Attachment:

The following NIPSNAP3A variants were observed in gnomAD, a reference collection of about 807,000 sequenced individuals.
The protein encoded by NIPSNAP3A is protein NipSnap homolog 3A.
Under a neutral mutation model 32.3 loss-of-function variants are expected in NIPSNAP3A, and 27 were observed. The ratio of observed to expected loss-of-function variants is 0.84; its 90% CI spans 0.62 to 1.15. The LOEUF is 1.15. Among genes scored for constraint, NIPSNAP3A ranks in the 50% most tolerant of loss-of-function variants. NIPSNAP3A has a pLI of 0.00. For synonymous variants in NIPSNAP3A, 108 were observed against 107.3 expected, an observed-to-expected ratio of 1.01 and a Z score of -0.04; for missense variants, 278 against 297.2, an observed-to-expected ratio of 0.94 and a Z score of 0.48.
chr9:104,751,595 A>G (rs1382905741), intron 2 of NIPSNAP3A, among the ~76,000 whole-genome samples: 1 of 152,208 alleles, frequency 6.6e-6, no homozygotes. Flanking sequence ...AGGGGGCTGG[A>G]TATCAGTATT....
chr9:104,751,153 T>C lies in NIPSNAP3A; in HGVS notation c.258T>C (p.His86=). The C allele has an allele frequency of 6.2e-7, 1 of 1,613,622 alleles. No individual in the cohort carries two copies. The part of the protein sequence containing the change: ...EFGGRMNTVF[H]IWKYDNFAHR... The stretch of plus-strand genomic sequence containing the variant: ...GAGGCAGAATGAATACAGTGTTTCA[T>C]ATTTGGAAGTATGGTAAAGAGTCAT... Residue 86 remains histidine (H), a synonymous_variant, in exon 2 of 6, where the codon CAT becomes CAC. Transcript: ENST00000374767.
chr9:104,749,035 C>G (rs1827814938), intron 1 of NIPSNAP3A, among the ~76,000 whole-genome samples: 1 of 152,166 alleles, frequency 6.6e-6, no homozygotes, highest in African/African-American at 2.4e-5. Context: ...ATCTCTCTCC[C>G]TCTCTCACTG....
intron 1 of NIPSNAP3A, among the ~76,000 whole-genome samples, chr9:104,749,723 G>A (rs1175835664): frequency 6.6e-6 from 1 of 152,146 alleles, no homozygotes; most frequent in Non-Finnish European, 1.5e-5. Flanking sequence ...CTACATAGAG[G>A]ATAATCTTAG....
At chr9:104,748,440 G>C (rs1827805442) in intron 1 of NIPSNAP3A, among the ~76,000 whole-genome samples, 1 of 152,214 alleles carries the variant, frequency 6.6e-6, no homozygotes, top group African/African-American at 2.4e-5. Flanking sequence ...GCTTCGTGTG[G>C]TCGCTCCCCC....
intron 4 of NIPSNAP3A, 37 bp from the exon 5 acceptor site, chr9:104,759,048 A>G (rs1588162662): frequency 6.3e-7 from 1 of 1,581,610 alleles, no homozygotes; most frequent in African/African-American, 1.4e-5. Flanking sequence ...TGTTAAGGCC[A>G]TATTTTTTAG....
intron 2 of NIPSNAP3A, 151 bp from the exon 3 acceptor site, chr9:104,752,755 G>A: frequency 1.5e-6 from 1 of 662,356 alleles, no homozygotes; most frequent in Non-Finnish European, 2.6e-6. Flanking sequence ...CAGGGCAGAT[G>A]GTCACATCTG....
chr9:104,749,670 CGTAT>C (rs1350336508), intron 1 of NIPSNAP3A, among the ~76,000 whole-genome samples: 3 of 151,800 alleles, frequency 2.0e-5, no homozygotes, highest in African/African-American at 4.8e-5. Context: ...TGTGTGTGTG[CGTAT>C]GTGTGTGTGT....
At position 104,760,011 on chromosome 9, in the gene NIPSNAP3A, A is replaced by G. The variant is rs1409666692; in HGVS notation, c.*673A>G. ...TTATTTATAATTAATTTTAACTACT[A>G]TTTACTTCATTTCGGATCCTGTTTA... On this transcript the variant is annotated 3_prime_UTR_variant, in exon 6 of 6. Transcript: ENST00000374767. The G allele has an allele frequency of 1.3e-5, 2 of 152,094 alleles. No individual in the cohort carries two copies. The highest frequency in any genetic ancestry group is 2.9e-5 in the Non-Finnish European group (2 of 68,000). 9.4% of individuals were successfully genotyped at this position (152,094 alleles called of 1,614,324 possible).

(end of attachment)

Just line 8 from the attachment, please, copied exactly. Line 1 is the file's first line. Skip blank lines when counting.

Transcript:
At chr9:104,748,440 G>C (rs1827805442) in intron 1 of NIPSNAP3A, among the ~76,000 whole-genome samples, 1 of 152,214 alleles carries the variant, frequency 6.6e-6, no homozygotes, top group African/African-American at 2.4e-5. Flanking sequence ...GCTTCGTGTG[G>C]TCGCTCCCCC....